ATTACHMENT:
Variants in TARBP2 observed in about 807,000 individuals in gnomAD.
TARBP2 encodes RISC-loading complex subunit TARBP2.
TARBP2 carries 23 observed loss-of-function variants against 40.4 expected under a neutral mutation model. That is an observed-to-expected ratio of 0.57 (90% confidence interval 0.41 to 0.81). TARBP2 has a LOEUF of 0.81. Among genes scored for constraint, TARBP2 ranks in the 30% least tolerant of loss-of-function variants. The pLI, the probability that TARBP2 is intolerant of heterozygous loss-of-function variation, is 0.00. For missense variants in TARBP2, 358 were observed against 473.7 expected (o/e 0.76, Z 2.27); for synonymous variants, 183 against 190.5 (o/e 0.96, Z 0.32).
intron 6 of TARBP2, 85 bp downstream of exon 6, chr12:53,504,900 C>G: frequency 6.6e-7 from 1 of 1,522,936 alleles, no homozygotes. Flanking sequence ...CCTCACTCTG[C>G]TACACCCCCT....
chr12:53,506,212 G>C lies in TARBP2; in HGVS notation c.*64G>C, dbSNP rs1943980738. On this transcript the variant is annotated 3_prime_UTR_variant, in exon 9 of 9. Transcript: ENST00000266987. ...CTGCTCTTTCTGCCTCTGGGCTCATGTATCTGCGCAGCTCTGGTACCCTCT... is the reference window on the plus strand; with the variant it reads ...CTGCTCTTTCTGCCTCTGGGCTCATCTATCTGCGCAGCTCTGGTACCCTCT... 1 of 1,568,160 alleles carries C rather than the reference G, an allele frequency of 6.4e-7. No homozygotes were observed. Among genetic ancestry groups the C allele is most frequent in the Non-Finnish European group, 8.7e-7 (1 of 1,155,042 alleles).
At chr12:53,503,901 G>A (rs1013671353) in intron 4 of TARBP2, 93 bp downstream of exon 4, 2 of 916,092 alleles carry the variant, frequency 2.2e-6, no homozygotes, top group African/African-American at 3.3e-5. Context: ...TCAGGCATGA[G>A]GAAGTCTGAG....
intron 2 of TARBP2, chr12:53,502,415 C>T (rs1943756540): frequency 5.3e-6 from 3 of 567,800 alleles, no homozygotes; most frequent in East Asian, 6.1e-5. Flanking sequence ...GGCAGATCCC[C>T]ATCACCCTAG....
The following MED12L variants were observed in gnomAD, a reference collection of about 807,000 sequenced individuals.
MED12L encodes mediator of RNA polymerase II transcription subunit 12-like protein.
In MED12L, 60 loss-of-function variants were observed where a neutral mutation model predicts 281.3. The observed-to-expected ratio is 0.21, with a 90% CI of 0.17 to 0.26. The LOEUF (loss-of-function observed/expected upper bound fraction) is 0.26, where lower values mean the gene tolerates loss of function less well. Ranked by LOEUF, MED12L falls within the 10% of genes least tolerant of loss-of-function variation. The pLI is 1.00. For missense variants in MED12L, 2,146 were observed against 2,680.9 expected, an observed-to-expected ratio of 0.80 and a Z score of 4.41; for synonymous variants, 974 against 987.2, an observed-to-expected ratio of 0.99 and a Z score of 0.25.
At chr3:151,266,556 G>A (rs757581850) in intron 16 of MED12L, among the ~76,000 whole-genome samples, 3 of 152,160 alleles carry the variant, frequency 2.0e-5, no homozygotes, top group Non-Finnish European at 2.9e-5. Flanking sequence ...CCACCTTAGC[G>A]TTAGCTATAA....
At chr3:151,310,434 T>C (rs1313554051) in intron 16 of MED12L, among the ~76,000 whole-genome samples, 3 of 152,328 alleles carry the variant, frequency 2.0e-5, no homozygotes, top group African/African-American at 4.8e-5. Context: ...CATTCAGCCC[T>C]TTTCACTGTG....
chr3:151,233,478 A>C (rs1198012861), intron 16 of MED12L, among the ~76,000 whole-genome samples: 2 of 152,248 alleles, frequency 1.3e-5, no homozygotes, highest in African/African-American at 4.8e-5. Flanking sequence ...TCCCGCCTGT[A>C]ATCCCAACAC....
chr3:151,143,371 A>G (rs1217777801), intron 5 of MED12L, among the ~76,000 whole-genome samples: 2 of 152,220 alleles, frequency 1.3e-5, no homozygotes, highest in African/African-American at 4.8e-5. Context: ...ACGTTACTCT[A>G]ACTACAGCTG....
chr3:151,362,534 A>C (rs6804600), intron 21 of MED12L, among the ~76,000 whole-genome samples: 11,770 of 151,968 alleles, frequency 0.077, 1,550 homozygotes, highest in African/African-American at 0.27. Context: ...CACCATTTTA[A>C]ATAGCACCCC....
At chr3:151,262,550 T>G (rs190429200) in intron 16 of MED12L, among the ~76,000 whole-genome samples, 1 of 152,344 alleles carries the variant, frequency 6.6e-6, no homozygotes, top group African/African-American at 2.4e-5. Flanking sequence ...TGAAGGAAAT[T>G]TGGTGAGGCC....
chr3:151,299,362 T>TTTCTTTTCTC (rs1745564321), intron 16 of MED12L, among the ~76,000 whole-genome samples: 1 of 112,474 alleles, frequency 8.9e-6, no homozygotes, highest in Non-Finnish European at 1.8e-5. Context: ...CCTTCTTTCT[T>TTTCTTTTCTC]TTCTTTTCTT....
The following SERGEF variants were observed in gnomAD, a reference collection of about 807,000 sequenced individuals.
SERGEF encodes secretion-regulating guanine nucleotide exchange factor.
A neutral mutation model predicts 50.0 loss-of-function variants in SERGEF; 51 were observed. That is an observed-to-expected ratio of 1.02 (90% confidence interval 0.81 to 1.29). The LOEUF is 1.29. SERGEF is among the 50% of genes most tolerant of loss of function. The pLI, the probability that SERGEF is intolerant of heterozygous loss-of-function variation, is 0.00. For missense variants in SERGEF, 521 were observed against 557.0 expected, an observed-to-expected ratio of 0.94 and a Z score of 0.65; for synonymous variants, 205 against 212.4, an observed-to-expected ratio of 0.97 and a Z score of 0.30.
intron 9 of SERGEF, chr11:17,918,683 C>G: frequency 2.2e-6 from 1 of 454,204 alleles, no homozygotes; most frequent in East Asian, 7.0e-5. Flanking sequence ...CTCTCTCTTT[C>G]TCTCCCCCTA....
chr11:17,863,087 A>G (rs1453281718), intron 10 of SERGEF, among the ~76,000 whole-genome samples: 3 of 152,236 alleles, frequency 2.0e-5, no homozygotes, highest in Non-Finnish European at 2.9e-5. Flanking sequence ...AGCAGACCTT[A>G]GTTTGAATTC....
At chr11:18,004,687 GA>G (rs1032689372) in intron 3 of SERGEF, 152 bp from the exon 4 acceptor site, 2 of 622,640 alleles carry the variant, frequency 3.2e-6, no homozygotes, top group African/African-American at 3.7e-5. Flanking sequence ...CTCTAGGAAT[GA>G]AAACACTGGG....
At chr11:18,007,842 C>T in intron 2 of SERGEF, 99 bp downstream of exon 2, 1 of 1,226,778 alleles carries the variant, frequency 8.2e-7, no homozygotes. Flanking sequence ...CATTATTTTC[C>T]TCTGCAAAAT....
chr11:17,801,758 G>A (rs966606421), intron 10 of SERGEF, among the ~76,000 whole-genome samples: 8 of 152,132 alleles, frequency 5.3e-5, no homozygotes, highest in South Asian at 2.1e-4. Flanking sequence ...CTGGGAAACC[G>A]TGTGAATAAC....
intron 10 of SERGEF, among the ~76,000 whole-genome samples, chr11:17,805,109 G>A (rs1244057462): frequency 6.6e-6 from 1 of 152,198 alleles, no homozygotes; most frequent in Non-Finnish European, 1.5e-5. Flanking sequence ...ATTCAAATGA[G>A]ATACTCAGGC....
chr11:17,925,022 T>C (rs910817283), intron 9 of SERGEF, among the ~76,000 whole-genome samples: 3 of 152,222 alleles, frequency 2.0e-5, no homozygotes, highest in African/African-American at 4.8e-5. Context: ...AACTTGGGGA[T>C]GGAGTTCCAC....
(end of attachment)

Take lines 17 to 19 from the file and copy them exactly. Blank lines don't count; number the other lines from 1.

chr3:151,299,362 T>TTTCTTTTCTC (rs1745564321), intron 16 of MED12L, among the ~76,000 whole-genome samples: 1 of 112,474 alleles, frequency 8.9e-6, no homozygotes, highest in Non-Finnish European at 1.8e-5. Context: ...CCTTCTTTCT[T>TTTCTTTTCTC]TTCTTTTCTT....
The following SERGEF variants were observed in gnomAD, a reference collection of about 807,000 sequenced individuals.
SERGEF encodes secretion-regulating guanine nucleotide exchange factor.